After a diagnosis, the cancer process gets complicated for kids. Fighting cancer is hard enough, but the terminology, doctor’s visits, and procedures make it even harder. We learned that many kids who survived cancer relied on an imaginary friend as a coping mechanism during long hospital stays.
This coping mechanism became our inspiration for the Imaginary Friend Society, a fictitious group of characters that appears in 20 animated films, designed to help kids understand and cope with the hardships of a cancer diagnosis and its treatment. These films cover everything from “What is an MRI?” to “Blood Transfusions” and “Feeling Sad.” We also developed an interactive experience for the siblings of cancer patients to better understand their feelings during this difficult time.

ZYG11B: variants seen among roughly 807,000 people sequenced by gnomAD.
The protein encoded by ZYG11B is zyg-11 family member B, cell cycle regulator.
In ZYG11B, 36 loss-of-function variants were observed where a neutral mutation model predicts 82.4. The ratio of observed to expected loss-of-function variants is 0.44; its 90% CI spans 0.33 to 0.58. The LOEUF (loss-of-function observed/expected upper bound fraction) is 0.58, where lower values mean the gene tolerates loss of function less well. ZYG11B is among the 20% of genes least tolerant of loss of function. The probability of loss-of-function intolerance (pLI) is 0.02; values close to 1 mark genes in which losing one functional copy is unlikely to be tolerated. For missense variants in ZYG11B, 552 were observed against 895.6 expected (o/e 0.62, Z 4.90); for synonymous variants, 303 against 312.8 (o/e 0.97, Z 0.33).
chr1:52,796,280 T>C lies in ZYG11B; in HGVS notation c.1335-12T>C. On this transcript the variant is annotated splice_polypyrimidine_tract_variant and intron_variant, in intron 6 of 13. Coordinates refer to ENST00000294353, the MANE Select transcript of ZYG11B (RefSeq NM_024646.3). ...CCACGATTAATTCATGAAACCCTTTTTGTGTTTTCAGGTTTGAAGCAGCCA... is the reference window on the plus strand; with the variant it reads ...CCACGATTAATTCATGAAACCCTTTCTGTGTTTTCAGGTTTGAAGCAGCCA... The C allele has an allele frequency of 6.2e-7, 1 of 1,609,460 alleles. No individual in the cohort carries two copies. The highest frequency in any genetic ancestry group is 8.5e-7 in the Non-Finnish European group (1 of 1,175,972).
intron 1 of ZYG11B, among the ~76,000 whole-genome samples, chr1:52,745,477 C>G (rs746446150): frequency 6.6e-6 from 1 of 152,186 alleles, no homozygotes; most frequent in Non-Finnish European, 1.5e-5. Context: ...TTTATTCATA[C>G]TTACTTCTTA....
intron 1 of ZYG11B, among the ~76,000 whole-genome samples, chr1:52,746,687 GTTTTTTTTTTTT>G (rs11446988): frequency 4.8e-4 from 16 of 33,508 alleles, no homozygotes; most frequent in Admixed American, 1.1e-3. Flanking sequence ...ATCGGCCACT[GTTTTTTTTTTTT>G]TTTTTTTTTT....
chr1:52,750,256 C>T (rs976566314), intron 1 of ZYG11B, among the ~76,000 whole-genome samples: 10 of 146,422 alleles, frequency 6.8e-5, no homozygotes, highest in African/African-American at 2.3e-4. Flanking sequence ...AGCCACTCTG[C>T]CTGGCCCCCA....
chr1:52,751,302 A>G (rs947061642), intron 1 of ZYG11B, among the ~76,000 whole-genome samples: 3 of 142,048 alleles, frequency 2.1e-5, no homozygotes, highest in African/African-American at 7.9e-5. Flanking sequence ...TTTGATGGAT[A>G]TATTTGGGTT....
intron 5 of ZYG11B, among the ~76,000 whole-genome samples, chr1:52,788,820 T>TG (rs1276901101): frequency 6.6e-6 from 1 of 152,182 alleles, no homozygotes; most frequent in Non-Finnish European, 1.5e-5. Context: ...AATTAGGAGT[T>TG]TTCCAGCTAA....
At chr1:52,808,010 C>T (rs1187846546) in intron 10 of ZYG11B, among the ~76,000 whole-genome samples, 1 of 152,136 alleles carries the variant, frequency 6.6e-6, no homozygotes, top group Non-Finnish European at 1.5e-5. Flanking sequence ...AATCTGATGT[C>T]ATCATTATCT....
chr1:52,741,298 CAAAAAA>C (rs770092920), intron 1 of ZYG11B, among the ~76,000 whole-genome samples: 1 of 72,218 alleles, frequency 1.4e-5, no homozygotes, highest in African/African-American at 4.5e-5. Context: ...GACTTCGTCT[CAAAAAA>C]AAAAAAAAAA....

In addition, we created ImaginaryFriendSociety.com, a website that showcases all 20 films and features other ways that people can help.
“These films help us care for families going through their cancer journey by playfully explaining difficult aspects of cancer care in a way kids understand,” said Robin Boettcher, president and CEO of the Pediatric Brain Tumor Foundation.
This pro bono, global film project was the culmination of many talented animation, music, and sound-design partners from around the world. Each partner created their own imaginary friend and produced a different cancer-related video with a script written by us.